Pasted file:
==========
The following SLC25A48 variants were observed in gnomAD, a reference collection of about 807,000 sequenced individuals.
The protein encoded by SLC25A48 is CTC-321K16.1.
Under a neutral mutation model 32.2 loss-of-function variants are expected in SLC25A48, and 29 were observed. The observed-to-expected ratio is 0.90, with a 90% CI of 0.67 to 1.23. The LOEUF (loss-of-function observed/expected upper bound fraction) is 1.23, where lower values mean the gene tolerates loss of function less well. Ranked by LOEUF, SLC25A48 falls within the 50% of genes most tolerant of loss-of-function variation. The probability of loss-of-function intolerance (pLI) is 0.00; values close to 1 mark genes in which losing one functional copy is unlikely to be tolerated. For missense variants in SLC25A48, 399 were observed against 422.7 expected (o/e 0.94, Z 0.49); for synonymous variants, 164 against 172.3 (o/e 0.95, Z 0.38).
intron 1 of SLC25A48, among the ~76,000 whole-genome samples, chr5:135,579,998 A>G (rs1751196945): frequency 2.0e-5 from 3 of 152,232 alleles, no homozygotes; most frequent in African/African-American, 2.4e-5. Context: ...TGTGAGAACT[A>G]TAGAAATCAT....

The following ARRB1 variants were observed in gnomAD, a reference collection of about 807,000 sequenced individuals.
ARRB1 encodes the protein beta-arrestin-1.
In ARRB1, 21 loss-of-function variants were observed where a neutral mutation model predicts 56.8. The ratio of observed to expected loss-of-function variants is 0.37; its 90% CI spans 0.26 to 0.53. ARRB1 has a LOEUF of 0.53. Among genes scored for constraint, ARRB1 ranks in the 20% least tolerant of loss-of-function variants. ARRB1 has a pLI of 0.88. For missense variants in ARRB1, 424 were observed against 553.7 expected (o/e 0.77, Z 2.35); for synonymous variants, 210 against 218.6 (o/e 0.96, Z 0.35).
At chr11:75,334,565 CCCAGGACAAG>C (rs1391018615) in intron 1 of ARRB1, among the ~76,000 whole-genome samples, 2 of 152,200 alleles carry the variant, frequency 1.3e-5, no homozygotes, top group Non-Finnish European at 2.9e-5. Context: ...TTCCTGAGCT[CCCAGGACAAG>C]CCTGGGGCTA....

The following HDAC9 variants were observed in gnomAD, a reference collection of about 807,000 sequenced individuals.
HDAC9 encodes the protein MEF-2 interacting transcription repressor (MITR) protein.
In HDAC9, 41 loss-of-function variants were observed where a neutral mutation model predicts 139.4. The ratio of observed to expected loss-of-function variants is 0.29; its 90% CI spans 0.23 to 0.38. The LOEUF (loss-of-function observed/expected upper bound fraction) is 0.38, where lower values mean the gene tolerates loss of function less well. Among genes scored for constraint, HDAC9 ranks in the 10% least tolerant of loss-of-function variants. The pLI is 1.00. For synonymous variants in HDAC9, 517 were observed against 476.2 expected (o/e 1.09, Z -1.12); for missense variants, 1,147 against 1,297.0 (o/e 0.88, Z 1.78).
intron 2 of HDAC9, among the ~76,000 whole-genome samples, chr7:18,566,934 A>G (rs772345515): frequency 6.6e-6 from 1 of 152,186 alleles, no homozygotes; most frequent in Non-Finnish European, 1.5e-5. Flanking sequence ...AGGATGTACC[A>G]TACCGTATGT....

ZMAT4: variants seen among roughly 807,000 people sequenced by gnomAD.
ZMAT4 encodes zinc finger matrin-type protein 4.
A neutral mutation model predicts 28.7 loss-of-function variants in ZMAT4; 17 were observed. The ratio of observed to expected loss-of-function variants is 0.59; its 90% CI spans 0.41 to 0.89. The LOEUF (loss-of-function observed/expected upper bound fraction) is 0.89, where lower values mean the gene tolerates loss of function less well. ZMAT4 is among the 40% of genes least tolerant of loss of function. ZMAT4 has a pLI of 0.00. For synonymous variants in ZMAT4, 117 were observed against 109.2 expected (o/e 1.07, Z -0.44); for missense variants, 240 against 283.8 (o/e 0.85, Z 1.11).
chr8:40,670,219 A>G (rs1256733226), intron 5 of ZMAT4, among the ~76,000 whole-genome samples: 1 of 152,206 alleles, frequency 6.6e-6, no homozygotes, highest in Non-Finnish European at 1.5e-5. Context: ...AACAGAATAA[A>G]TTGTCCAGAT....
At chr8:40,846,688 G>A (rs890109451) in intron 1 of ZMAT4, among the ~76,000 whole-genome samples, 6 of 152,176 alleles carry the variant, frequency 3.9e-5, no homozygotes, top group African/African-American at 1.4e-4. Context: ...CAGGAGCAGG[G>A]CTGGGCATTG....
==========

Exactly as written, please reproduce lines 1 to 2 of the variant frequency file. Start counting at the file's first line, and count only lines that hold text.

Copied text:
The following SLC25A48 variants were observed in gnomAD, a reference collection of about 807,000 sequenced individuals.
The protein encoded by SLC25A48 is CTC-321K16.1.